Cancer patients get better coverage, care in states that expand Medicaid, study says
1/14/2024, USA Today
A study published last week sought to measure how pivotal insurance coverage is for people with cancer. The study led by American Cancer Society researchers compared cancer patients in states that expanded Medicaid under the Affordable Care Act with patients in states that did not.
In states that expanded Medicaid, about 1 in 5 college- or working-age adults diagnosed with cancer were insured by Medicaid, the government health insurance program for low-income families and the disabled. Just 2% of cancer patients in these states were uninsured as of 2019, the last year included in the study.
By comparison, 8.1% of cancer patients in non-expansion states were uninsured as of 2019.
Oregon, New Mexico and Kentucky had the highest share of cancer patients who gained coverage from Medicaid. Among states that did not expand Medicaid, Texas had the highest number of people who were uninsured when they were diagnosed with cancer, followed by Florida and Georgia.
The study said Medicaid expansion increased cancer screening and early diagnosis, provided better care for cancer patients and decreased racial disparities among cancer patients.
Expanded Medicaid coverage 'is saving lives'
Lisa Lacasse is president of the American Cancer Society Cancer Action Network, the advocacy arm of the American Cancer Society. Lacasse said Medicaid expansion means that more people get access to health care and they face better odds of surviving cancer.
"In short, expanding this health insurance program is saving lives,” Lacasse said in a statement.
In all, the study examined 6.4 million cancer cases among adults 18 to 64 whose insurance status was known when they were diagnosed. The study included data from 48 states and the District of Columbia. Kansas and Minnesota were excluded because of lack of consent from state registries or data quality issues. The study did not include minors or Medicare-age adults 65 and older.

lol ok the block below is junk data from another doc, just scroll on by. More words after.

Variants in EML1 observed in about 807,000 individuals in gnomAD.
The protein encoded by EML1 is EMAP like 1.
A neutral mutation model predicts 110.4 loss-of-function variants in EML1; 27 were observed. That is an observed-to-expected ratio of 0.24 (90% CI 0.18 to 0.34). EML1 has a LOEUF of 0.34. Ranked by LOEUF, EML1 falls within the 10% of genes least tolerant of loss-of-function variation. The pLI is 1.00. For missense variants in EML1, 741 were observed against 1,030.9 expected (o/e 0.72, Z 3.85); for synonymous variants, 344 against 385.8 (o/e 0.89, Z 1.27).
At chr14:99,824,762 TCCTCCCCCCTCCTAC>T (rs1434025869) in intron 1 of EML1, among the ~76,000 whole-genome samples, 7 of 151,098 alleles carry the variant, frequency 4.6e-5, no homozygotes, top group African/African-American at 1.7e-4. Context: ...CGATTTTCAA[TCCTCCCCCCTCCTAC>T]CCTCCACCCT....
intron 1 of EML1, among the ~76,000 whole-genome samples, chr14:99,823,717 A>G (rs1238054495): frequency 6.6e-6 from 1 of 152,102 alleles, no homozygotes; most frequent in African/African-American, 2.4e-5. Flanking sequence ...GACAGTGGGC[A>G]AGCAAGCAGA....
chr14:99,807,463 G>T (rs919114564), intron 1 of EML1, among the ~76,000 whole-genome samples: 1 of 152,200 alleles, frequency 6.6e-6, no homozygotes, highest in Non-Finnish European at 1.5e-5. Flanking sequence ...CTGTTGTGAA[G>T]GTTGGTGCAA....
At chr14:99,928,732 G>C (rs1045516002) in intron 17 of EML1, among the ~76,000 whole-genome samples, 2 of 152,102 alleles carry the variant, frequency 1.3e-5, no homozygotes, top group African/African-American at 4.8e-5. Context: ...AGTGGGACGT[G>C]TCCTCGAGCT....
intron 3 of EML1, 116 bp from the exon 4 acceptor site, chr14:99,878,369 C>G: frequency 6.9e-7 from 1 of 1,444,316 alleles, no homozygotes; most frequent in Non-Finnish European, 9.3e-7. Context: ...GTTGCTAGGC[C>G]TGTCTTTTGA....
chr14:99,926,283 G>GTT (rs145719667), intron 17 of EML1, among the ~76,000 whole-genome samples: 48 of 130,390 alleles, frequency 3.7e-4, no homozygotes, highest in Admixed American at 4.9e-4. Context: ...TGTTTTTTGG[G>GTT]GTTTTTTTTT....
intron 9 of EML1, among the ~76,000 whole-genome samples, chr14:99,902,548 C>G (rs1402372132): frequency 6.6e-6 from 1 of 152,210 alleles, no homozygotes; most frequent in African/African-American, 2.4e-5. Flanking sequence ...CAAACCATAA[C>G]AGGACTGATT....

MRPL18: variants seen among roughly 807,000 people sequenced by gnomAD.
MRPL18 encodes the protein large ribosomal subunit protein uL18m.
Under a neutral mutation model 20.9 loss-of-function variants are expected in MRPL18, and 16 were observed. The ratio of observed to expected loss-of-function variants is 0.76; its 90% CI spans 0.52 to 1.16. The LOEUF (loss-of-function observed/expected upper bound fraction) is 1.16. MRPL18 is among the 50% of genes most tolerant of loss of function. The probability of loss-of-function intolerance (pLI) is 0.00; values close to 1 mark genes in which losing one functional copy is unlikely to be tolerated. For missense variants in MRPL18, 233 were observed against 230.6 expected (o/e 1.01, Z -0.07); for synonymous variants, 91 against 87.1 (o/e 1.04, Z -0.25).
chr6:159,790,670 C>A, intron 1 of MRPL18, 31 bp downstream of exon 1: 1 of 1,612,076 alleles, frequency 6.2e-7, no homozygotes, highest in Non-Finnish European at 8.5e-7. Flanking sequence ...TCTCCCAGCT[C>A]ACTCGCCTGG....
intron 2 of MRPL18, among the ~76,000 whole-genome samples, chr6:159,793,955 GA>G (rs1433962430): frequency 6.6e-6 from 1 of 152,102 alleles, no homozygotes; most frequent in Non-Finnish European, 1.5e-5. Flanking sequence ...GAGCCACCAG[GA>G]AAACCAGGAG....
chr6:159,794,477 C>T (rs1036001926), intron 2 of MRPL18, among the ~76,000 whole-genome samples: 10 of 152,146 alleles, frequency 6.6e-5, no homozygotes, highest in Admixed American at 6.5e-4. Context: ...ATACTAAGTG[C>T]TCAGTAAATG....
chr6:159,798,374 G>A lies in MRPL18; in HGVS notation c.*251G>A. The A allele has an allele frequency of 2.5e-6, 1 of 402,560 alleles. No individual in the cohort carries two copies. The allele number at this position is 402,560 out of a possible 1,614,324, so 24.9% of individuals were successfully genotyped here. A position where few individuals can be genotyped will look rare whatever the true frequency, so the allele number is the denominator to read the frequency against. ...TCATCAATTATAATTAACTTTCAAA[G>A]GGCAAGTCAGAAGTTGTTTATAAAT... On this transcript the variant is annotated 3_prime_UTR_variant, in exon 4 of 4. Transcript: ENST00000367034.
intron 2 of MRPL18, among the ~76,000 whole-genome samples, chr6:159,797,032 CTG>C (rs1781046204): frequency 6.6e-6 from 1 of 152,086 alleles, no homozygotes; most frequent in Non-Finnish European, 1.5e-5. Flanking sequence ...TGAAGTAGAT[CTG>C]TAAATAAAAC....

States trim Medicaid rolls following pandemic enrollment boom
The study only examined Medicaid coverage leading up the the COVID-19 pandemic. Millions of Americans gained Medicaid health insurance during the COVID-19 pandemic when the federal government provided billions in federal aid to states.
States took the funding on the condition that they would not remove people from Medicaid until the public health emergency ended last year. The temporary measure was meant to ensure Americans didn't lose coverage during the pandemic, but it lasted more than two years. With the end of the public health emergency last year, states began winnowing their Medicaid rolls as they resumed eligibility checks. More than 14 million Americans have been removed from Medicaid so far because they no longer qualified or because of procedural reasons such as failing to complete renewals, according to KFF, a nonprofit organization focused on health policy.
Some of the steepest drops in post-pandemic enrollment are in the 10 states that have not expanded Medicaid, including Texas and Florida.
A KFF analysis found about 1 million people chose Affordable Care Act and individual insurance plans outside the marketplace from April through September last year. Some of those signups likely included people who were disenrolled from Medicaid, the analysis said.
Those former Medicaid recipients contributed to the record number of Obamacare signups announced this week by the Biden administration. As of Dec. 23, more than 20 million Americans signed up for ACA marketplace insurance coverage, and that figure continues to increase with Healthcare.gov enrollment open through Jan. 16. Some state exchanges have extended enrollment through the end of the month.
Generous federal subsidies under the Inflation Reduction Act also likely contributed to the record signups, KFF said.
Still, even with ACA marketplace enrollment breaking though the 20 million market for the first time, far more Americans are covered by Medicaid insurance. Medicaid also offers more robust coverage with minimal cost-sharing requirements such as copayments, coinsurance and deductibles that are common with ACA plans.
Dr. Xin Hu, the American Cancer Society study's lead author and an assistant professor in public health sciences at the University of Virginia School of Medicine, said the study shows "many patients with cancer may face challenges with care access and continuity, especially following the unwinding of COVID-19 pandemic protections for Medicaid coverage.”